Male vs. Female Characters
Figure 4 shows the estimated survival functions for male and female characters.
Figure 4: Estimated survival functions for male (n=132) and female characters (n=62) from The Walking Dead.
Even though there have been many more male than female characters featured on the show (132 male vs. 62 female), the probability of survival is fairly similar for each. To the extent that the two groups do in fact differ, male characters have a slightly worse survival outcome than female characters.
As a point of comparison, the probability of a female character surviving up to one episode is 85.48%, compared to only 78.79% for a male character.
We can also use Bayes’ Theorem to calculate the overall probability of death given that a character is male or female.
When we apply Bayes’ Theorem to calculate these conditional probabilities, we find that the overall probability of death given that a character is male is 71.97%, whereas the probability of death given that a character is female is only 66.13%.
White vs. Other Racial/Ethnic Groups
Figure 5 shows the estimated survival functions for white characters and characters of other races (e.g., African-American, Asian-American, Hispanic-American, and Indian-American).
Figure 5: Estimated survival functions for white characters and characters of various other races and ethnicities from The Walking Dead.
Compared to the difference in survival outcome between male and female characters, the difference between white characters and characters of other races is fairly large.
As you can see in the figure above, white characters are much more likely to die than other characters.
Consider a couple points of comparison.
The probability of a white character surviving up to one episode is 79.02%, compared to 86.26% for a character of another race. Furthermore, the probability of a white character surviving up to 20 episodes is a mere 17.03%, compared to 38.86% for a character of another race.
As with the previous analysis of gender, we can again apply Bayes Theorem to estimate the overall probability of death given that a character is white or another race. Doing so reveals that the probability of death given that a character is white is 74.83%, whereas the probability of death given that a character is another race is only 56.86%.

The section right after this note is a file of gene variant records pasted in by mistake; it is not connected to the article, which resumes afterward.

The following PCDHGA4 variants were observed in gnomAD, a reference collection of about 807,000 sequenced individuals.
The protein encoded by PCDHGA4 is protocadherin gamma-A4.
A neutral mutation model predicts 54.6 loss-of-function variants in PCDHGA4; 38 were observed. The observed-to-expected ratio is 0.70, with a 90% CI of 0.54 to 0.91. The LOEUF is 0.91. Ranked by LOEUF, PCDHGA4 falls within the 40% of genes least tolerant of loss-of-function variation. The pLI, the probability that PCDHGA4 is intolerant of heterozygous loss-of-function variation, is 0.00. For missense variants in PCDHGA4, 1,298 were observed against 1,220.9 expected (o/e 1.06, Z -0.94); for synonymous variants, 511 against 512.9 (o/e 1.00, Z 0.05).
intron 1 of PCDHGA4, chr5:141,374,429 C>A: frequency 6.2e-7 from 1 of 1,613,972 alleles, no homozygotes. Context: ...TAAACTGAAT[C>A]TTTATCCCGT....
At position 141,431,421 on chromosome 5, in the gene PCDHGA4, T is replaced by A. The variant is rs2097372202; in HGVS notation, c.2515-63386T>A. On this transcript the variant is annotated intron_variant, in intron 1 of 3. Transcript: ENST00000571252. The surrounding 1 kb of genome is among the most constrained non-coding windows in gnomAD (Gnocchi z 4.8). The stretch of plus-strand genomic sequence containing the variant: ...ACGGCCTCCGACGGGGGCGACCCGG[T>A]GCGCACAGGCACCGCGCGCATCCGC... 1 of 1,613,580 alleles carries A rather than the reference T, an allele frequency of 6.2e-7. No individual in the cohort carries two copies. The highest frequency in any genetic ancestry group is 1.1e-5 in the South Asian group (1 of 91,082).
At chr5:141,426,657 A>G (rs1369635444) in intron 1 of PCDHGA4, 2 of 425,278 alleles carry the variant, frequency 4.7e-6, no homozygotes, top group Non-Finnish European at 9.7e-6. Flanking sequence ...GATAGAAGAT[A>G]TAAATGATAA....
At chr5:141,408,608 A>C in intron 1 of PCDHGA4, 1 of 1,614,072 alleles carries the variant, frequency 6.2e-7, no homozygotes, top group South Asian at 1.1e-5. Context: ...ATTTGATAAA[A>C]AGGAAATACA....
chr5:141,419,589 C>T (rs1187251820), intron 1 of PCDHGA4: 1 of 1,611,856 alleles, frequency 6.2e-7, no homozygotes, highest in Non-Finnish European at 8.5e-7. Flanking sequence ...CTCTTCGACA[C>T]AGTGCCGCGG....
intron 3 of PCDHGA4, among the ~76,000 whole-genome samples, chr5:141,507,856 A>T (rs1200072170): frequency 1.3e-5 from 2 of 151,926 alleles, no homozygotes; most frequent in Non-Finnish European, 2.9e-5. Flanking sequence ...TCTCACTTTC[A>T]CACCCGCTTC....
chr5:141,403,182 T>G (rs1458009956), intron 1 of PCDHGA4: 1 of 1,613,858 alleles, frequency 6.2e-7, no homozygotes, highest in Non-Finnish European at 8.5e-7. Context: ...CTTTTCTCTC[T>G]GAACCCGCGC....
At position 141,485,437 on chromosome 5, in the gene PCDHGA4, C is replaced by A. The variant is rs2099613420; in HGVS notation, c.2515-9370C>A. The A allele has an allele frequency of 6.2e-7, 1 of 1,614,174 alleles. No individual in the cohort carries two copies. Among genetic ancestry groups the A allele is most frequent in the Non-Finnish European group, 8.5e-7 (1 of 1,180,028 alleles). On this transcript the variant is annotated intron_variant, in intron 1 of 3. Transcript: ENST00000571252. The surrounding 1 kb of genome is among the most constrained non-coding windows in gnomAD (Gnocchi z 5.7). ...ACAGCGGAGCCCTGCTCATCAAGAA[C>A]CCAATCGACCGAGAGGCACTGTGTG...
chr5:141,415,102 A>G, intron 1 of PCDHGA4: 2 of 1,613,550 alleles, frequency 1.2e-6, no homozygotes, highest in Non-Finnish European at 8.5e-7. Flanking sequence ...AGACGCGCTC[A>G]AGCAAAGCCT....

So when it comes to surviving the zombie apocalypse, male characters are worse off than female characters and white characters are worse off than characters of other races. And as you might expect, this means that white male characters are most likely to die, whereas non-white female characters are least likely to die.
Applying Bayes Theorem one final time reveals the following about how each group of characters generally fares:
Probability of death given that a character is white and male = 77.17%
Probability of death given that a character is white and female = 70.59%
Probability of death given that a character is non-white and male = 60.00%
Probability of death given that a character is non-white and female = 45.45%
Analysis of Hazard Rate: At what point following their initial appearance on the show is a character from The Walking Dead most at risk of dying?
Finally, Figure 6 shows the estimated hazard function for all characters from The Walking Dead.
In the context of this analysis, the hazard function describes the relative likelihood of death occurring each episode following a character’s first appearance on the show (and conditional on the character’s survival up to each episode).
Figure 6: Estimated Hazard Rate for all characters from The Walking Dead, showing a character’s relative risk of dying each episode following their initial appearance on the show (conditional on survival up to that point).
As we would expect from the data shown in Figures 2 and 3, the hazard rate is highest soon after a character makes his/her initial appearance on the series. Indeed, the hazard rate associated with a character’s first episode (EpLived = 0) is about five times larger than the hazard rate associated with a character’s tenth episode, and about 25 times larger than the hazard rate associated with a character’s 27th episode.
Interestingly, however, a character is by no means out of the woods after surviving a set number of episodes.
As you can see in Figure 6, there are two points at which the hazard rate creeps up following a relative low…like a walker sneaking up from behind.
Although risk of death decreases substantially after a character has survived one or two episodes, risk of death increases again when a character has lived for about 19 episodes, and then again when he/she has lived about 33 episodes (the increase in the hazard rate between 40 and 50 episodes should probably not be trusted, as this is likely due to the few characters who remain at risk at this point).
Conclusion: The Analyzed Dead
So what should we take from all this?
First, when it comes to survival on The Walking Dead, it’s best to be a non-white female (overall probability of death = 45.45%) and worst to be a white male (probability of death = 77.17%). So perhaps it’s not a great idea to get too attached to any new white male characters that appear on the show (*cough* Aaron & Eric *cough*).
Second, risk of death decreases substantially following a character’s survival of more than five or six episodes, but increases again when he/she has been around for roughly the equivalent of a full 16-episode season. And if a character survives beyond 16-20 episodes, they are relatively safe once again for another season.
Of course, as I mentioned earlier, this is not to imply that any of these results necessarily pertain to the main cast of characters. Their fate ultimately depends on the show’s writers and producers, as well as the series’ continued popularity among viewers and the actors’ willingness to stick around.
Note: The idea for this post came from a similar survival analysis applied to characters from Game of Thrones.